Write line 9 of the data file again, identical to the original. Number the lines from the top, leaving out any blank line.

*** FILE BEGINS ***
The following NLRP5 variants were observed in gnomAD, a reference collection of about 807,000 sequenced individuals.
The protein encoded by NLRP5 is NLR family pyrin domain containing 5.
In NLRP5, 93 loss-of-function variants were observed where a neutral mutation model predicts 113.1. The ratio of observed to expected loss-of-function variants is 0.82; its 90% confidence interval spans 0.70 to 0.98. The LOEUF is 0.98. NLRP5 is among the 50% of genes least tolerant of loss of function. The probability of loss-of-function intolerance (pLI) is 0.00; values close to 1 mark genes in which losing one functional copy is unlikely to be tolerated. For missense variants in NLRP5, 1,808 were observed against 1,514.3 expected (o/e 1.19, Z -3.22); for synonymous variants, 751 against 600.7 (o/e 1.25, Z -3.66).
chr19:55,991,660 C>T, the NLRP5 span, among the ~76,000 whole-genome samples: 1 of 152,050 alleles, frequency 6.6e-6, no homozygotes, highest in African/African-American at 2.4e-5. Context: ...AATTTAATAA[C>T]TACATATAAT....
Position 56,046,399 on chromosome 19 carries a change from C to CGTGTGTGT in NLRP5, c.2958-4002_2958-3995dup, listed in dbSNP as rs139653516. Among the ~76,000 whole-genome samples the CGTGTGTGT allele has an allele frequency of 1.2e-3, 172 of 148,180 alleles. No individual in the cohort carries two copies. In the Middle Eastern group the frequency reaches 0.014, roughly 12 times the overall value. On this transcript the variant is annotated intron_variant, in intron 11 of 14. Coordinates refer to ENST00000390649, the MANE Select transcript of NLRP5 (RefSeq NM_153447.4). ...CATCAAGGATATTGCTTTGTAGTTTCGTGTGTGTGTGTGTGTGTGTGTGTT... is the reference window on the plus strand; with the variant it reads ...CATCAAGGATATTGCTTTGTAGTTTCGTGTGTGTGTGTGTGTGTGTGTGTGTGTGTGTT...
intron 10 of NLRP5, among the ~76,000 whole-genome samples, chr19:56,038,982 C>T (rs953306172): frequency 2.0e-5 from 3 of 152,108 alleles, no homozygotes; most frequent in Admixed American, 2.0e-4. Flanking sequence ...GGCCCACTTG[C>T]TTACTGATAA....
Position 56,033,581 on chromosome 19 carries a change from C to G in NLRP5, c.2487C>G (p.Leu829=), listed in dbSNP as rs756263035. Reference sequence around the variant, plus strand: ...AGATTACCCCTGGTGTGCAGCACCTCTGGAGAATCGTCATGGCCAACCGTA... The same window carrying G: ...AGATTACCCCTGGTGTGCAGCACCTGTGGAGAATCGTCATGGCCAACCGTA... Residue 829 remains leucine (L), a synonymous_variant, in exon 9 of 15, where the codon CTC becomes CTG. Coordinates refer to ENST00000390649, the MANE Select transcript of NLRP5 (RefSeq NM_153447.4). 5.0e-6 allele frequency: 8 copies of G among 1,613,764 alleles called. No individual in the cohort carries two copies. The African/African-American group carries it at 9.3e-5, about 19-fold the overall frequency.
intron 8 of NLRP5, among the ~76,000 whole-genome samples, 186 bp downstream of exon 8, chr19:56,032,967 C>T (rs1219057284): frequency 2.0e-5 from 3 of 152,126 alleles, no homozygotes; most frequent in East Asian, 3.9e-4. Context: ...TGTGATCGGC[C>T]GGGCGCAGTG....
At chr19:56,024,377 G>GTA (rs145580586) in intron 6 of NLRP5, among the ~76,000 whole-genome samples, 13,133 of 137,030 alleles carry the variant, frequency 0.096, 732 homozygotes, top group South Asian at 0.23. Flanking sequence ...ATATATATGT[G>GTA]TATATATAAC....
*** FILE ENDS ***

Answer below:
At chr19:56,024,377 G>GTA (rs145580586) in intron 6 of NLRP5, among the ~76,000 whole-genome samples, 13,133 of 137,030 alleles carry the variant, frequency 0.096, 732 homozygotes, top group South Asian at 0.23. Flanking sequence ...ATATATATGT[G>GTA]TATATATAAC....